So the Pelicans have reached an extension to keep the 29-year-old around for two years past this coming season, reports Adrian Wojnarowski of ESPN.

This is a signing that should make Pelicans fans happy. Importantly, it makes CJ McCollum happy — they are tight and this is something McCollum wanted to see. The money on this deal seems fair, about the league average for a solid rotation player.

Nance is the kind of veteran this team needs considering its young core of Zion Williamson, Brandon Ingram (just turned 25), Herb Jones, and guys like Trey Murphy III, Jose Alvarado, and others. Nance compared it to the young Lakers teams he was on, but noted that team lacked the same level of veteran leadership this Pelicans team has.

We may see more Nance at the five lineups — small ball with Zion at the four — to close games this season in New Orleans, that could be their best lineup because Nance can defend but also spaces the floor for Zion on offense. Coach Willie Green has a lot of different players and matchups to experiment with.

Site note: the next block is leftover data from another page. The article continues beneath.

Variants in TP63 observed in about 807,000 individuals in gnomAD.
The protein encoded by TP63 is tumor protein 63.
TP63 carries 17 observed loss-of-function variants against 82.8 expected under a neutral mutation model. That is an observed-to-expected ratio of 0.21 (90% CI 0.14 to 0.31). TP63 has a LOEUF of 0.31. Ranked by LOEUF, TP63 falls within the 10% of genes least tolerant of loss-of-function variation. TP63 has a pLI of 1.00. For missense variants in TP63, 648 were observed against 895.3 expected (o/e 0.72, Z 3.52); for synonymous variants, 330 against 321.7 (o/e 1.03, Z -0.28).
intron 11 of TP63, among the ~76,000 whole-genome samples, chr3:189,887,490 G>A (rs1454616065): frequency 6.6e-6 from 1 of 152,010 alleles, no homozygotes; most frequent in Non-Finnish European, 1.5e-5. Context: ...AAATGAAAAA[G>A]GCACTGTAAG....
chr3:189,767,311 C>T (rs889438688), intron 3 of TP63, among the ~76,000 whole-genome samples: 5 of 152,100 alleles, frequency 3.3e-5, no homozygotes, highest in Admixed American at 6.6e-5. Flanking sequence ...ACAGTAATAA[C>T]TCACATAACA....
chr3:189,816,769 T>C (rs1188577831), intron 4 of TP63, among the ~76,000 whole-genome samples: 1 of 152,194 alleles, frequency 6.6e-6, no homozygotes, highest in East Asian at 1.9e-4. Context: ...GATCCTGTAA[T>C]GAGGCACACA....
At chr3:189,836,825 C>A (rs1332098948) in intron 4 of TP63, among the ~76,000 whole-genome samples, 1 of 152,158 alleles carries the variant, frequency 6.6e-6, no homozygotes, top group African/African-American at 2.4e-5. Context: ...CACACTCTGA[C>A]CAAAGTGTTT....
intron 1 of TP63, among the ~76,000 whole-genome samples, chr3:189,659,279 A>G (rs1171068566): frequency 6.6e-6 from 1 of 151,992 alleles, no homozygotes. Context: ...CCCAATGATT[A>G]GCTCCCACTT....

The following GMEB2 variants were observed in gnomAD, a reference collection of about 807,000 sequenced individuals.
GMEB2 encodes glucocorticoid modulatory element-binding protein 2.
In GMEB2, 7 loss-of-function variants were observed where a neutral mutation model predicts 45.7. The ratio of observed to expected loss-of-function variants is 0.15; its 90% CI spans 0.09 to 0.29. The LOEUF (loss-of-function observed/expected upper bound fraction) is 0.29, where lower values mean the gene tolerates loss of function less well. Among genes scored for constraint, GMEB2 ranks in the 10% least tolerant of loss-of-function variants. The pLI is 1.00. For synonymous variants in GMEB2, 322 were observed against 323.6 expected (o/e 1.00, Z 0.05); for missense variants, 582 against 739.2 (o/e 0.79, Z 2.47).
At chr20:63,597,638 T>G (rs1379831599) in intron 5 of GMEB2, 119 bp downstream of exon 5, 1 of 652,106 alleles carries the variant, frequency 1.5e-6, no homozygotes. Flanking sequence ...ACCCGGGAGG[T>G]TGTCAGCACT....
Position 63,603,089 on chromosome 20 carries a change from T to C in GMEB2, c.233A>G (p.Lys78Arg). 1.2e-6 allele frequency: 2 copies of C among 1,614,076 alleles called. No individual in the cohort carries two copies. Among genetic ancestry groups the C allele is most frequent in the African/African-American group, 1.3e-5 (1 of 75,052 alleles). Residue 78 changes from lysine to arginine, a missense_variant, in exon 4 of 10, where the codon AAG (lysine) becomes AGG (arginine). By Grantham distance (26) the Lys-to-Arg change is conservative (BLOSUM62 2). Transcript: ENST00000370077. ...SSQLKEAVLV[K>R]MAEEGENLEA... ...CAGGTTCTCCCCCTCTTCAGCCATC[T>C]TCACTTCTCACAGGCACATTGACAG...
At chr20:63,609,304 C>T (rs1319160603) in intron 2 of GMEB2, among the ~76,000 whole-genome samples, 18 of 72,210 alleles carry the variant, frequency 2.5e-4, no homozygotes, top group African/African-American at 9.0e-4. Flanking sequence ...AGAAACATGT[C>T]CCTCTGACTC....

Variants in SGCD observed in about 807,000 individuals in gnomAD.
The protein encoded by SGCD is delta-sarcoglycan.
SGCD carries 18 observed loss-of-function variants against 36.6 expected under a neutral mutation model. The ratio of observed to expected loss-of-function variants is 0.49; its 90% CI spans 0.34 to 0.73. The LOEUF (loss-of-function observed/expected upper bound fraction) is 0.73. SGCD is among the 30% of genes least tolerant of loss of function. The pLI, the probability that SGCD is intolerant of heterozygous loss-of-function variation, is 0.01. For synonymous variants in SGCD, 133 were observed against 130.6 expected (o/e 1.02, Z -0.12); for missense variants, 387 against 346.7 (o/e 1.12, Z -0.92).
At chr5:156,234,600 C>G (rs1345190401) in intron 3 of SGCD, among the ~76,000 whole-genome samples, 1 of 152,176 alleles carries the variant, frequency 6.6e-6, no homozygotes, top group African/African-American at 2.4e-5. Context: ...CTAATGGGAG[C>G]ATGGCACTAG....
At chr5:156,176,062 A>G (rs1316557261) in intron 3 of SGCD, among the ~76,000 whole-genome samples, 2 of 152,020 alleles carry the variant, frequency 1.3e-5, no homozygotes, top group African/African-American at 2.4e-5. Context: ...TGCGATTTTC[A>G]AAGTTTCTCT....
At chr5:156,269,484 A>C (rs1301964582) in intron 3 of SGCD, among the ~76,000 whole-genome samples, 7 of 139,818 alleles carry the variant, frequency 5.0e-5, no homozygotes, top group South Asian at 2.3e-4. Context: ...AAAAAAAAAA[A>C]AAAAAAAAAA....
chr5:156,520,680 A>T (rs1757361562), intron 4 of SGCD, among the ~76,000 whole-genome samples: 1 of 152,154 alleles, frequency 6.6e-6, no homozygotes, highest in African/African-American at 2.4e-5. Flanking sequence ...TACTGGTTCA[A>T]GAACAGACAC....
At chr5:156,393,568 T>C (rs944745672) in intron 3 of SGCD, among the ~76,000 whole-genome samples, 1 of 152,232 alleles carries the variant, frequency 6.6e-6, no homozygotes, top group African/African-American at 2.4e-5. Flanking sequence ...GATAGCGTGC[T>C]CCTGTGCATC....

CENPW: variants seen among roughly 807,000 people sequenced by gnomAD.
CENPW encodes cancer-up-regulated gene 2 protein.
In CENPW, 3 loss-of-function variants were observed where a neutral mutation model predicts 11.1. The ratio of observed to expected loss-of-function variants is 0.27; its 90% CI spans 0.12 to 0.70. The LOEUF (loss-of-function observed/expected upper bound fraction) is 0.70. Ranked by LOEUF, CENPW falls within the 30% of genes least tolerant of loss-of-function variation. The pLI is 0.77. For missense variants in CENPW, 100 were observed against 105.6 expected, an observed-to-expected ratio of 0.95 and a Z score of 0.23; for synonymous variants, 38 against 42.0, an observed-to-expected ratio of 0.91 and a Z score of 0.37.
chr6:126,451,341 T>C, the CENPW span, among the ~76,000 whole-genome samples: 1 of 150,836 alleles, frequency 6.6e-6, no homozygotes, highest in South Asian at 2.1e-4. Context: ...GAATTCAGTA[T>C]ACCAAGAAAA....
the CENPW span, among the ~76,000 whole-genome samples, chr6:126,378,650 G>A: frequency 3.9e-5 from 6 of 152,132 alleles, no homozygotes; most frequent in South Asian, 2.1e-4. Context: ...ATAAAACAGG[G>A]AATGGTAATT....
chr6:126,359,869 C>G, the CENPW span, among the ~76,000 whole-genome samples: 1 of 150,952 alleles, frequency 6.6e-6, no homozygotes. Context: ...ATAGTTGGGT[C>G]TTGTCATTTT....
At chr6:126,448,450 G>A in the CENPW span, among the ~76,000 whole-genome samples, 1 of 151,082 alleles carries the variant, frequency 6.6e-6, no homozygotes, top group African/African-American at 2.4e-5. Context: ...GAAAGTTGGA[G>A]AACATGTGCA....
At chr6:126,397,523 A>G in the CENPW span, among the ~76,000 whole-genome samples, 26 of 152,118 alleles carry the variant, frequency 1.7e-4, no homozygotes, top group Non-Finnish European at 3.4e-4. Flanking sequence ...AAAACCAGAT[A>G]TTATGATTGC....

And now he has the stability of Nance for a few more years.

Durant tired of talking Nets dramatic offseason: ‘I didn’t miss any games’

0 Comments

No team had an offseason quite like the Brooklyn Nets. First, they would not give a long-term extension to Kyrie Irving, which sent the star guard looking for a new team (but there were no offers that worked for everyone, so he opted in with Brooklyn). Then Kevin Durant asked for a trade, and to gain a little leverage reportedly threw down an ultimatum of him or the coach and GM. No trade could be found — how much the Nets wanted one is up for debate — so he is back in Brooklyn. And all that is not even getting into the return of Ben Simmons, a trade for Royce O’Neal, or anything else.